Ted Kennedy RIP. My prayers go out to you and your family.
The liberal MSM will be falling all over themselves praising Ted's glorious career as a statesman. Let's see what he accomplished while on this earth. He killed a woman, leaving her to die in his car and not reporting it. He was a drunk. He divorced his wife. He was a Catholic that supported abortion. He spent taxpayer money on the welfare state like no Senator in history. He helped cover up a rape by his nephew. He began the scorched earth policy of nominees for the Supreme Court with his lies during the Bork nomination. He was a small man who spent your money like a drunken sailor. Without his Kennedy connections, he would have been a nobody. His life was one of decadence and failure.
I certainly don't want my sons growing up to be just like Ted Kennedy.
Events of the night of July 18, 1969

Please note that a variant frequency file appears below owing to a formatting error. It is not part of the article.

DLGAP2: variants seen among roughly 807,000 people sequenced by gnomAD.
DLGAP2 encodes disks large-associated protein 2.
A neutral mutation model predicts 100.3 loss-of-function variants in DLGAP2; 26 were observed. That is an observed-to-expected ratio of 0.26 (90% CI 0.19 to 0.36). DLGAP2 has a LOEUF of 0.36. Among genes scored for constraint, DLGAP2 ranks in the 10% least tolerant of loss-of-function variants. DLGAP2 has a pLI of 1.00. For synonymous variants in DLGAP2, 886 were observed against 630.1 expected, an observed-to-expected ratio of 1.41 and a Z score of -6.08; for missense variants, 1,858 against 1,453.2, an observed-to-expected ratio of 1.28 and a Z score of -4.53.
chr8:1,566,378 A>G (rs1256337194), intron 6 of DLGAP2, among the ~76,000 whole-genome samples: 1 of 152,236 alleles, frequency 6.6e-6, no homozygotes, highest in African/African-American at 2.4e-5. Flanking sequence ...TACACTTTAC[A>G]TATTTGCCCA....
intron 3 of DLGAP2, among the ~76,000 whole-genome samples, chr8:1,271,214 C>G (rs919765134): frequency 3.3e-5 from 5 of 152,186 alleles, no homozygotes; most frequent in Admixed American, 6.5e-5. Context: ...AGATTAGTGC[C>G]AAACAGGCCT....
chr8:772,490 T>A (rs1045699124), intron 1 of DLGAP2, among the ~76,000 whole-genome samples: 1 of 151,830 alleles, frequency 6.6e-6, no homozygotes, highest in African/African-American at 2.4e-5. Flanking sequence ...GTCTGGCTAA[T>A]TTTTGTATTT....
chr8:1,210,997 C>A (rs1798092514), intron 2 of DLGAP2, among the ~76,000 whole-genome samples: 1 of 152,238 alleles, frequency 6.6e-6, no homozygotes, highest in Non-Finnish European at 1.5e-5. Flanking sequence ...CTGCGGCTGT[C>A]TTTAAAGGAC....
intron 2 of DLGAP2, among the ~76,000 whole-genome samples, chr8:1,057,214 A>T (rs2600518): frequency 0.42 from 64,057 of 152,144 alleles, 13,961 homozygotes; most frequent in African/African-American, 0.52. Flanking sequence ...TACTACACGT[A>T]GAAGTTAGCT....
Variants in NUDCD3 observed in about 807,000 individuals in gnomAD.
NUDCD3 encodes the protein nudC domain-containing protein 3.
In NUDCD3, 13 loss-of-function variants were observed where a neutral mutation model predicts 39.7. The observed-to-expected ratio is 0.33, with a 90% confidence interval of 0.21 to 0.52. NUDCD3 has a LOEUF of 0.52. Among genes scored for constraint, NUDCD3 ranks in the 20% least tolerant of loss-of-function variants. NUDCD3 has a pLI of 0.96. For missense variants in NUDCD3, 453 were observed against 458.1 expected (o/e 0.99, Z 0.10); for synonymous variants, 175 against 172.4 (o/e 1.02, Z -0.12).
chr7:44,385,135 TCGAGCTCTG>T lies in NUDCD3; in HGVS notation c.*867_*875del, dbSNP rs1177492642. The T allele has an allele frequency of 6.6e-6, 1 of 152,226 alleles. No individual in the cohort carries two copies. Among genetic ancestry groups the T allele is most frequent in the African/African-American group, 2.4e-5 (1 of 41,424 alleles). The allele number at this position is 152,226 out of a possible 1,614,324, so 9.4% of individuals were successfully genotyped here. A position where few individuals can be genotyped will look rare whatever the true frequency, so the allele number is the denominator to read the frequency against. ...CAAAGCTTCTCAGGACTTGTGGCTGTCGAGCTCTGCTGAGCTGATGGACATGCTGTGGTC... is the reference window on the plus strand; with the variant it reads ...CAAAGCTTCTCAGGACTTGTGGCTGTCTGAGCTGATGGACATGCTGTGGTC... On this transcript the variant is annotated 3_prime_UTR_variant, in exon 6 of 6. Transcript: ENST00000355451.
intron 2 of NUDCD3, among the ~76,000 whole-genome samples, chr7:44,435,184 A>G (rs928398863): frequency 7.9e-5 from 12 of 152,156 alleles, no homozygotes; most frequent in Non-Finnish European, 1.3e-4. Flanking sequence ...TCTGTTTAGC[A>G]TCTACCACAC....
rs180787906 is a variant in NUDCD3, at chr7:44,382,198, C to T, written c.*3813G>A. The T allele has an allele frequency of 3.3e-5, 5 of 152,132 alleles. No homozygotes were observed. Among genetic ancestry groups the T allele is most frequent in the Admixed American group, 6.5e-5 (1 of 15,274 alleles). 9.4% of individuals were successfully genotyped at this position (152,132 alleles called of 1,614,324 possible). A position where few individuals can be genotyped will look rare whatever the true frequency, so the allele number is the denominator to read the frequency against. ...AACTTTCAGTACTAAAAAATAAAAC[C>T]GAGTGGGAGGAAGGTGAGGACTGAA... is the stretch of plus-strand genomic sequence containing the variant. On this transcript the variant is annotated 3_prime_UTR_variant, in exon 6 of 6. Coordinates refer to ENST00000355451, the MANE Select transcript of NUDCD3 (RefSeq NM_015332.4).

According to his own testimony at the inquest into Kopechne's death, Kennedy left the party at "approximately 11:15 p.m." When he announced that he was about to leave, Kopechne indicated "that she was desirous of leaving, if I would be kind enough to drop her back at her hotel". Kennedy then requested the keys to his car from his chauffeur, Crimmins. Asked why he did not have his chauffeur drive them both, Kennedy explained that Crimmins along with some other partygoers "were concluding their meal, enjoying the fellowship and it didn't appear to me necessary to require him to bring me back to Edgartown". Kopechne told no one that she was leaving with Kennedy, and left her purse and hotel key at the party.